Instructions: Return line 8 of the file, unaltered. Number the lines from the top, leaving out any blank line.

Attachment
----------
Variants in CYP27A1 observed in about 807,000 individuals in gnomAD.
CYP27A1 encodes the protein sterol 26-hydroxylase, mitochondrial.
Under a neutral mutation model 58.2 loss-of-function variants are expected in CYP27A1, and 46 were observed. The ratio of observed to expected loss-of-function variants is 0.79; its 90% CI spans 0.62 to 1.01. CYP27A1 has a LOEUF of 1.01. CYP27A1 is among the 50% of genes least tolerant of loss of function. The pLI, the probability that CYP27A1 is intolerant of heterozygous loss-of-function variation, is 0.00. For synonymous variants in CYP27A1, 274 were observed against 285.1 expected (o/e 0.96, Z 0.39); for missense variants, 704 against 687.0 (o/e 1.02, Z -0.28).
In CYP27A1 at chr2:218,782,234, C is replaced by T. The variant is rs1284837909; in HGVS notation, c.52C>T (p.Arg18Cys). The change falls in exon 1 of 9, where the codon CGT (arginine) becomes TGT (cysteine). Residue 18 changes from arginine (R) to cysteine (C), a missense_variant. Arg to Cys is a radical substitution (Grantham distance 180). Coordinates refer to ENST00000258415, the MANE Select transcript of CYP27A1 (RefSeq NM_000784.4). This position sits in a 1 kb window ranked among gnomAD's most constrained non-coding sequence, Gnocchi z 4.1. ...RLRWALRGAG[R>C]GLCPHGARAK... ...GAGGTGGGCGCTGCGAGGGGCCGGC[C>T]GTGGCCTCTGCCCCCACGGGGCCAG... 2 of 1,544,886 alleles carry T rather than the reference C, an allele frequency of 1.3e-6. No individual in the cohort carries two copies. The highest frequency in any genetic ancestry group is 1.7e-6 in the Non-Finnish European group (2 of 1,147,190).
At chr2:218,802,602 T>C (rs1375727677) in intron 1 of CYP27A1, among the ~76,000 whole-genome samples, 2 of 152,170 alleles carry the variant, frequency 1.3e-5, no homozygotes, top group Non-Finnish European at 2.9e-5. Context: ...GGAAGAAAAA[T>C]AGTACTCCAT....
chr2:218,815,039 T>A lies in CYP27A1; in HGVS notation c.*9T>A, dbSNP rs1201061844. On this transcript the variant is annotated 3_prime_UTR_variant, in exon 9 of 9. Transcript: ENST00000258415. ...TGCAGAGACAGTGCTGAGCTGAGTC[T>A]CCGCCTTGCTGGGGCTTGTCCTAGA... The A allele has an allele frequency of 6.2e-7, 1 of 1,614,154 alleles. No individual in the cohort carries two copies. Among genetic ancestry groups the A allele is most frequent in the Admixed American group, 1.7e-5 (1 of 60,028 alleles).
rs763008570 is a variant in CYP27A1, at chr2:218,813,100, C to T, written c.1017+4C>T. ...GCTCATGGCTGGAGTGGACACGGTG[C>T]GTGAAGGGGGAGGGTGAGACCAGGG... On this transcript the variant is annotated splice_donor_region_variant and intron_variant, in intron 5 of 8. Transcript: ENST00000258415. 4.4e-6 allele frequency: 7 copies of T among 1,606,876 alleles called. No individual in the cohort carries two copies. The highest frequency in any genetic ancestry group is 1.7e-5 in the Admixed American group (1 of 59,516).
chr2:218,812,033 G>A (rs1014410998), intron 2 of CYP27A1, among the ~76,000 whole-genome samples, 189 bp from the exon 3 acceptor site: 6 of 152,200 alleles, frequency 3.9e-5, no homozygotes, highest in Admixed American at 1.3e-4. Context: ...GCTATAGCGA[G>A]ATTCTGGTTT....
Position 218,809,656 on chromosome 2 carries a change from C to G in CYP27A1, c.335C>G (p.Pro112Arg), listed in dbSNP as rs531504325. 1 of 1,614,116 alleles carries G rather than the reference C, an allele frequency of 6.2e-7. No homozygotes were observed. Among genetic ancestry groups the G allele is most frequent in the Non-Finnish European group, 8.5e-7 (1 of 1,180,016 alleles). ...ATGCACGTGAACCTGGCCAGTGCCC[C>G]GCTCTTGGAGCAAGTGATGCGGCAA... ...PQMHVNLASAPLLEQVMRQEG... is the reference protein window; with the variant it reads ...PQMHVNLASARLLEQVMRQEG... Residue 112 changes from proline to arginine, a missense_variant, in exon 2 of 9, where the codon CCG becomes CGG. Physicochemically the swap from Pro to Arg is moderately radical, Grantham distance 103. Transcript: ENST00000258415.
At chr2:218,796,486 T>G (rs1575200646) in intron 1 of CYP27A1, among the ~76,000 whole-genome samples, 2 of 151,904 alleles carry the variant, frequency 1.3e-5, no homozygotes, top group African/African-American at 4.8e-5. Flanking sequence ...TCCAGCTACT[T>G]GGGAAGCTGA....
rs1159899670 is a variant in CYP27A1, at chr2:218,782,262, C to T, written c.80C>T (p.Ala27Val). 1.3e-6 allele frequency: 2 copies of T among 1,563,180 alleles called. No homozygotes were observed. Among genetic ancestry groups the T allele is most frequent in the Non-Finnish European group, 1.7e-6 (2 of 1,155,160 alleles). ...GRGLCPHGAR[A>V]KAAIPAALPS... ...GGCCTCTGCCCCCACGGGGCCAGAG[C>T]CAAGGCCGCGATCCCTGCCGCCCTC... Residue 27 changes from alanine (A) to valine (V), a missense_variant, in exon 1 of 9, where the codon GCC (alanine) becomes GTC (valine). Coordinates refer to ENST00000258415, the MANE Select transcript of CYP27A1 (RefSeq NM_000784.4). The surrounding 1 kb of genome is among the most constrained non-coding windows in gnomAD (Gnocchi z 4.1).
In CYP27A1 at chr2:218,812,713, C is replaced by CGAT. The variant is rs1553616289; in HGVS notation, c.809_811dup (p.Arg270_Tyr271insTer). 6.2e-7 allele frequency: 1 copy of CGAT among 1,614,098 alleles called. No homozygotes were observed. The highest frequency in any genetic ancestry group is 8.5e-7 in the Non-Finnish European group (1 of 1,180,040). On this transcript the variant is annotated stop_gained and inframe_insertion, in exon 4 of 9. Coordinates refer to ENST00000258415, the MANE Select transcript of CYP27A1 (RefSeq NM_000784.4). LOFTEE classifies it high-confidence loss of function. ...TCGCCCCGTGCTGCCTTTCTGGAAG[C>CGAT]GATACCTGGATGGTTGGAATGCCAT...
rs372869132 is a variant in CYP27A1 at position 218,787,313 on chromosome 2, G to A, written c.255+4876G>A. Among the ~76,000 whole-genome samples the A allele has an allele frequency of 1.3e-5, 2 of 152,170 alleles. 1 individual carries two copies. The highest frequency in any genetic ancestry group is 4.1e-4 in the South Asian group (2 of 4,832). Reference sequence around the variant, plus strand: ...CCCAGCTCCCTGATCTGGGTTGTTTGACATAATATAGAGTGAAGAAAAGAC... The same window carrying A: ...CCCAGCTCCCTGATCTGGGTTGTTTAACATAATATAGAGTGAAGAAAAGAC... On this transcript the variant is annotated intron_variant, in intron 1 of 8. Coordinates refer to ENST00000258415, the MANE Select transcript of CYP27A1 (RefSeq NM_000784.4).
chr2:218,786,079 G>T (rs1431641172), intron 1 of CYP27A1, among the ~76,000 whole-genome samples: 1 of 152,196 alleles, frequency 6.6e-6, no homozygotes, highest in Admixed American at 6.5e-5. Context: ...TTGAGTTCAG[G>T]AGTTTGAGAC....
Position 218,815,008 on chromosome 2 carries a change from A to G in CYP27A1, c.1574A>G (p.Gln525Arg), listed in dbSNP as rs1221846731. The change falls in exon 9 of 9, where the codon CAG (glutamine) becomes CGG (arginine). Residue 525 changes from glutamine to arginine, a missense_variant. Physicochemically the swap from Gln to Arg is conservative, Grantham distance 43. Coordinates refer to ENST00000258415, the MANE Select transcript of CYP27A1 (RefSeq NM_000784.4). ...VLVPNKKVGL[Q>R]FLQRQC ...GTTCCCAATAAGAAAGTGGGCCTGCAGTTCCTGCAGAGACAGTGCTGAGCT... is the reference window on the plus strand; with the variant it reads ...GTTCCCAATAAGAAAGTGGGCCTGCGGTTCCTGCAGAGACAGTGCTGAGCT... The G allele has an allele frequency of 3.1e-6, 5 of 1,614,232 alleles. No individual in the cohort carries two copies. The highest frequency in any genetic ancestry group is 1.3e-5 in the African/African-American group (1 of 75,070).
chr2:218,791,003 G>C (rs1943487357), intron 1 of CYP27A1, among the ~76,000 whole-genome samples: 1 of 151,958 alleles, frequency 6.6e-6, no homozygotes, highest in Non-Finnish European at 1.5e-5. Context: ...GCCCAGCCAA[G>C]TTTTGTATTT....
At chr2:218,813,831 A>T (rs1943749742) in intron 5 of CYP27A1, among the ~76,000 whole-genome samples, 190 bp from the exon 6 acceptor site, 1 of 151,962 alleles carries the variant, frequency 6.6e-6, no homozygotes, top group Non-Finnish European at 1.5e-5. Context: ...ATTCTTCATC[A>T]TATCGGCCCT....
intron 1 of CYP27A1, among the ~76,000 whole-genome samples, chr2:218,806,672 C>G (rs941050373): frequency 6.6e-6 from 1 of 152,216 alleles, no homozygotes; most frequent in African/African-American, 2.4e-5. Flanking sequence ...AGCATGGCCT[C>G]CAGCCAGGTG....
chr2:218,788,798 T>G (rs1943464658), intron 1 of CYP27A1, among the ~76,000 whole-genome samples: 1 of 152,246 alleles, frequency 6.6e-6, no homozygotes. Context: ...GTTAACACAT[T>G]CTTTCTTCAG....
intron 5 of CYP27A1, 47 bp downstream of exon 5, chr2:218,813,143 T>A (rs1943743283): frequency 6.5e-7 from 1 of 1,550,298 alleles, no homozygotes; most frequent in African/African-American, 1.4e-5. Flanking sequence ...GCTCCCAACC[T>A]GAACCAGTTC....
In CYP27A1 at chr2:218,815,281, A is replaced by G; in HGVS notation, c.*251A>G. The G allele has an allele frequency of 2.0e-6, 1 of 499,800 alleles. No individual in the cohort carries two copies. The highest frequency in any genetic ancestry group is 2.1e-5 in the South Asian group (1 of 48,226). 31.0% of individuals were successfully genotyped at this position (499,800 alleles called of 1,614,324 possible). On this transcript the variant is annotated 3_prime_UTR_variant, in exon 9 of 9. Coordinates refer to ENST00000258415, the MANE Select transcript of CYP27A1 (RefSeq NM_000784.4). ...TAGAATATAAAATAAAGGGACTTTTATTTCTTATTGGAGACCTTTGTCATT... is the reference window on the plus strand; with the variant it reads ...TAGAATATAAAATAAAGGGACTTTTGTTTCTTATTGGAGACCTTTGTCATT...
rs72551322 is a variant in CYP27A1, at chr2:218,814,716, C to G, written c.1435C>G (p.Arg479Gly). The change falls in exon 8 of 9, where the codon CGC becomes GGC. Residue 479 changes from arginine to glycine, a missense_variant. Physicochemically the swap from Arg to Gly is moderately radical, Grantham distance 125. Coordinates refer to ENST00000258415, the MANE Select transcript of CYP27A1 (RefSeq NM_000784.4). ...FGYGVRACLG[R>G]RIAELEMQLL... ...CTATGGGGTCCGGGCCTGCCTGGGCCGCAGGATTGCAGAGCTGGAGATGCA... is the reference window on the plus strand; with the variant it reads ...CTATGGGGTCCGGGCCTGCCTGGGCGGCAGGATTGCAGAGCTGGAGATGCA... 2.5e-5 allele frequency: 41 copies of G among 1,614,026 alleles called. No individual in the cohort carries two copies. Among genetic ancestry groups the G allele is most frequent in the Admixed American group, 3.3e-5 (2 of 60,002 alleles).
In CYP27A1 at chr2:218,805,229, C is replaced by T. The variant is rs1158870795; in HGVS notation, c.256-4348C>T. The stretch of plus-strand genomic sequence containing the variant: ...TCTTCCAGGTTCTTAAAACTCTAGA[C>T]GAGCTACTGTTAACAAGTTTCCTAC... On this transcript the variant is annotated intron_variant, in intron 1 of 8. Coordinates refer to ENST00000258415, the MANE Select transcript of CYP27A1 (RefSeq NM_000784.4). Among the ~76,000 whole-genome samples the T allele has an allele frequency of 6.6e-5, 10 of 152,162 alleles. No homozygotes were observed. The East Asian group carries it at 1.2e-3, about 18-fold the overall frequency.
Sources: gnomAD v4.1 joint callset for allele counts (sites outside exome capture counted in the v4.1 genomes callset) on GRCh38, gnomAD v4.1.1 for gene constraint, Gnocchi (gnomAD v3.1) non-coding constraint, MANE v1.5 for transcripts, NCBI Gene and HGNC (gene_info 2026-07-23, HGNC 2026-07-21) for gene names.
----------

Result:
chr2:218,812,033 G>A (rs1014410998), intron 2 of CYP27A1, among the ~76,000 whole-genome samples, 189 bp from the exon 3 acceptor site: 6 of 152,200 alleles, frequency 3.9e-5, no homozygotes, highest in Admixed American at 1.3e-4. Context: ...GCTATAGCGA[G>A]ATTCTGGTTT....